Wednesday, December 5, 2007

Leather Series 1: Definition and Classification

The aroma of leather in scent is akin to smelling a forest of silver birches in the cold ringing air for the first time, inhaling the insides of a pallisander humidor full of “Cohiba” accompanied with a good malt in a tumbler. It's the razor strap of an old-fashioned barbershop and the smell of saddle and leather-bound old books or savouring a post-coital cigarette. Much like the latter it is often hard to resist and a habit difficult to curb.

Whether one is familiar with perfume lingo or not, fragrances rich in the tannic essence of leather are bound to make an impression, be it one of rapture or one of abjection. It is no coincidence that either of those two sentiments usually ensues on people smelling leathery scents: there is seems to be no middle ground.

But let’s begin at the beginning. What is a leather fragrance? Why is it called thus? What does it smell like?

Leather scents pose a problem in taxonomy. Often appearing as a subdivision of the chypré family, leathery scents span the spectrum between feminine and masculine propositions often marrying other accords which might shift the focus into other families (fougère, oriental and chypré). Perhaps the answer to that is to allot them a separate family, as already properly classified (cuir) by the Société Française des Parfumeurs and from thereon subdivide into nuances. To be more specific, SFDP classify leather fragrances as category G, to be divided in true leathers (G1), floral leathers (G2 usually with notes of iris or violet) and tobacco leathers (G3, with smoky or woody notes and blond tobacco).
It is perhaos a great unjustice that leather/cuir has been a bastion of masculine perfumery. Feminine exempla do occur though and with wonderful results of refined taste.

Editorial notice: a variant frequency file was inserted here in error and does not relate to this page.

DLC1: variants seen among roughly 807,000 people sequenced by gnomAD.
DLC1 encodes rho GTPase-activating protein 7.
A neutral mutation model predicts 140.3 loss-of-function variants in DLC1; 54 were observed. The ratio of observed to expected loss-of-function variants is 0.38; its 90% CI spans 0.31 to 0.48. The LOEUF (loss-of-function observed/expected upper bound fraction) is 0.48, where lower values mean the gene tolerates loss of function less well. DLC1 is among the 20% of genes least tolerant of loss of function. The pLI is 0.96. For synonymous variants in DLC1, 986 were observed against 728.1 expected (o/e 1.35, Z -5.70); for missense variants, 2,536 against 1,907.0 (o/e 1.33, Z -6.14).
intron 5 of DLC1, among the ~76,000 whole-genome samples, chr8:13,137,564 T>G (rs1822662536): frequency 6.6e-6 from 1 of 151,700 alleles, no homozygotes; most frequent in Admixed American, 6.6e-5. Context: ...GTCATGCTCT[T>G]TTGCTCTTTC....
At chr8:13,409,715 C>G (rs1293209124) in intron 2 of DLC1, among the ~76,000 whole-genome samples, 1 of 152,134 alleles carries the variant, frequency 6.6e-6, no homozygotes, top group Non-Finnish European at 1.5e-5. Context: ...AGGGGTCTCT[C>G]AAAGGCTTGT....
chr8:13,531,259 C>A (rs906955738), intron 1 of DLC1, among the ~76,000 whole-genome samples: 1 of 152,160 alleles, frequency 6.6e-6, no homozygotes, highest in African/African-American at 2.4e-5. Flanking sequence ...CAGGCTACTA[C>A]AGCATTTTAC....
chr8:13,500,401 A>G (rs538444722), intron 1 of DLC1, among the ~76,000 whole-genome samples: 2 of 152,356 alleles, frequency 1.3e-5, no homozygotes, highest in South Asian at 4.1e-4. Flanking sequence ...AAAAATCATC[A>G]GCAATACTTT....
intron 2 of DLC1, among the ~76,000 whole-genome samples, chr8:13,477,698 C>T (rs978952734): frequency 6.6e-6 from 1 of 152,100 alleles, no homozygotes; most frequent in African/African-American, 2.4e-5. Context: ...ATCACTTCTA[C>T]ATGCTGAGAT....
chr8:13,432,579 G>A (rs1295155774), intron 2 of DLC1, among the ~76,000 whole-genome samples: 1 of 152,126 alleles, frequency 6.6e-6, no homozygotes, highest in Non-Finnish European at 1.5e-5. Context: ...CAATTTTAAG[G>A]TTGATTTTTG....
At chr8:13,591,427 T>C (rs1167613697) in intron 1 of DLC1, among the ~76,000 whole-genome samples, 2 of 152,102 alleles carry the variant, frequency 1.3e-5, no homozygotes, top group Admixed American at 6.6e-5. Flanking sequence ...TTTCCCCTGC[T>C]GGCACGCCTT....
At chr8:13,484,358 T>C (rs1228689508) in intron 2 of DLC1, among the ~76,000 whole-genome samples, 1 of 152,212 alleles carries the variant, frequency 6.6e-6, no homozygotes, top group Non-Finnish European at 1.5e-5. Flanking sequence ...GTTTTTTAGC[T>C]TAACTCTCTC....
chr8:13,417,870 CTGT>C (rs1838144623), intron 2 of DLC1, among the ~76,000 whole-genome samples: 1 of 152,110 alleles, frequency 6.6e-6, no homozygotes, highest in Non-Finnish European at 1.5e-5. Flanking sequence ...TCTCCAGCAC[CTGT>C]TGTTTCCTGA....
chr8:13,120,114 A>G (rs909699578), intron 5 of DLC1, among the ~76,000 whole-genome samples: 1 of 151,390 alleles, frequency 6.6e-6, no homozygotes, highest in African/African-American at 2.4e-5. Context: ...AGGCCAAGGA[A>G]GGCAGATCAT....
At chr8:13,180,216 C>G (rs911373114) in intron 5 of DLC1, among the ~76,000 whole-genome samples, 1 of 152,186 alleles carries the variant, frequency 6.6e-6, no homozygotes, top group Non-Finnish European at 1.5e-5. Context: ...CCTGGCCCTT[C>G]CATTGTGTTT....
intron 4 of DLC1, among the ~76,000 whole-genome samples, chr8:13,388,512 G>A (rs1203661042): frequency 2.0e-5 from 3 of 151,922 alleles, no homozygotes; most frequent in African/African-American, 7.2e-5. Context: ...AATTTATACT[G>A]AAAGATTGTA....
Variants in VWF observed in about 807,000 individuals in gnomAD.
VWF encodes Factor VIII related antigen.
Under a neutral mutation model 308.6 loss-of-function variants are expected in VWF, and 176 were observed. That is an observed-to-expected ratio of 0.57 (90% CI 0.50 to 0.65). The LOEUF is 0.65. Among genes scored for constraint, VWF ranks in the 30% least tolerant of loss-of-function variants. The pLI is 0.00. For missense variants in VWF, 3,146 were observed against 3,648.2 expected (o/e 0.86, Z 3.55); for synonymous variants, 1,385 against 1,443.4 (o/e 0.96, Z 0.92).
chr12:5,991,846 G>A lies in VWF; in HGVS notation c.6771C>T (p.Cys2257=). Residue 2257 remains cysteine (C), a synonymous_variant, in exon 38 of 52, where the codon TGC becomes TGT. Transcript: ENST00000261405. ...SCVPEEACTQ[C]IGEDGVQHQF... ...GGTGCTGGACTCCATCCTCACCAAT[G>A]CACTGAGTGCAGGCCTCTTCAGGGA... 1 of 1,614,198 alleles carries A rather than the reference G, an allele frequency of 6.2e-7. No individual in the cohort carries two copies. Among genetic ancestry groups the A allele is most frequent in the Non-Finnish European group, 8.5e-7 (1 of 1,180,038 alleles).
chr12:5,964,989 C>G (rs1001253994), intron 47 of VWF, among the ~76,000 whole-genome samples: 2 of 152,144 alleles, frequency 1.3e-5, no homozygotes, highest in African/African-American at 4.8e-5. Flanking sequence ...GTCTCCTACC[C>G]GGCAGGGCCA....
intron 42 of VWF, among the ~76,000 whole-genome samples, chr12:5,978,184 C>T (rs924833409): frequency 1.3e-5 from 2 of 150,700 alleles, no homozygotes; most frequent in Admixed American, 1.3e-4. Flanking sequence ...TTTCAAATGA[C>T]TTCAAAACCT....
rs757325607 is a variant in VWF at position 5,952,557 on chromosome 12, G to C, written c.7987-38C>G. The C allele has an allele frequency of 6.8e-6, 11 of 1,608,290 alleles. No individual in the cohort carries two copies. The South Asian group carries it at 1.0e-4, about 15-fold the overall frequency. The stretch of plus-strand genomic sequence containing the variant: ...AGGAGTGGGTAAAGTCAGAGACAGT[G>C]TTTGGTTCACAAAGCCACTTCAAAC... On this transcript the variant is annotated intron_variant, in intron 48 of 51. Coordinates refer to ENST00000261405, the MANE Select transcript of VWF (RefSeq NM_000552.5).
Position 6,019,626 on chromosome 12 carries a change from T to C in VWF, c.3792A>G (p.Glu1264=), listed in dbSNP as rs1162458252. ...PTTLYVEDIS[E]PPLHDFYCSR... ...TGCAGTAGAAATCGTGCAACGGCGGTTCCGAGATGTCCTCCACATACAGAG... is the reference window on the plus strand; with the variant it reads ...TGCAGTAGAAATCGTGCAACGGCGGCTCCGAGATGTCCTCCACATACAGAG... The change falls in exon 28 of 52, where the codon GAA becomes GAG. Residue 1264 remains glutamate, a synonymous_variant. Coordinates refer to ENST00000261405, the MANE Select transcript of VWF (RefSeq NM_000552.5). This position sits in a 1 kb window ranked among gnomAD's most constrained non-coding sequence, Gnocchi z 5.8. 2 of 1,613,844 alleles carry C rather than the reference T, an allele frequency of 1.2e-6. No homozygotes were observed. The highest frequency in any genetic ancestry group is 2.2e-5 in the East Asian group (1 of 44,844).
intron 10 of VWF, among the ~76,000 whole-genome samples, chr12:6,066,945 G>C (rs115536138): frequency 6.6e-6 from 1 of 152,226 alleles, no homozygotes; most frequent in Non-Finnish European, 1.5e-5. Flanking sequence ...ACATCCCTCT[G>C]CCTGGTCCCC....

It is worthy of note that leather is one of the oldest notes in perfumery, going back to the tradition of Gantiers et Parfumeurs; a Guild occupying itself with scenting the leather gloves of the aristocracy, in the 16th century, when pleasurably scented essences were used to mask the malodorous aura of newly tanned leather that had the lingering smell of the materials used in curing the hides, such as urine and dung. A profession out of which that of the perfumer arised. On this subject we will revert on a subsequent instalment. Nonetheless the notion of leathery scents stems from those times and is associated with those materials, trying to replicate the aroma of cured hides. Rendering an animalistic aroma that is redolent of Thanatos and inevitably Eros.

However leather perfumes can have several pitch variables, whether naturally or synthetically derived, making the perception of “leather” confusing and variable. From slightly sweet or with a smoked ambience, especially in specimens when the leather note is coupled with that of tobacco, to possessing a tar-like aroma that is especially simpatico with some idiosyncrasies, perfumes of this genre cater to different interpretations of leather. The matter is further complicated by the modern mention of “suede” note, a synthetic slightly salty accord that interprets the imaginary note of a soft, velvety pliable material we are all familiar with through fashion ~especially shoes. And lately fashion has been instrumental in bringing this forgotten family of scents back au courant.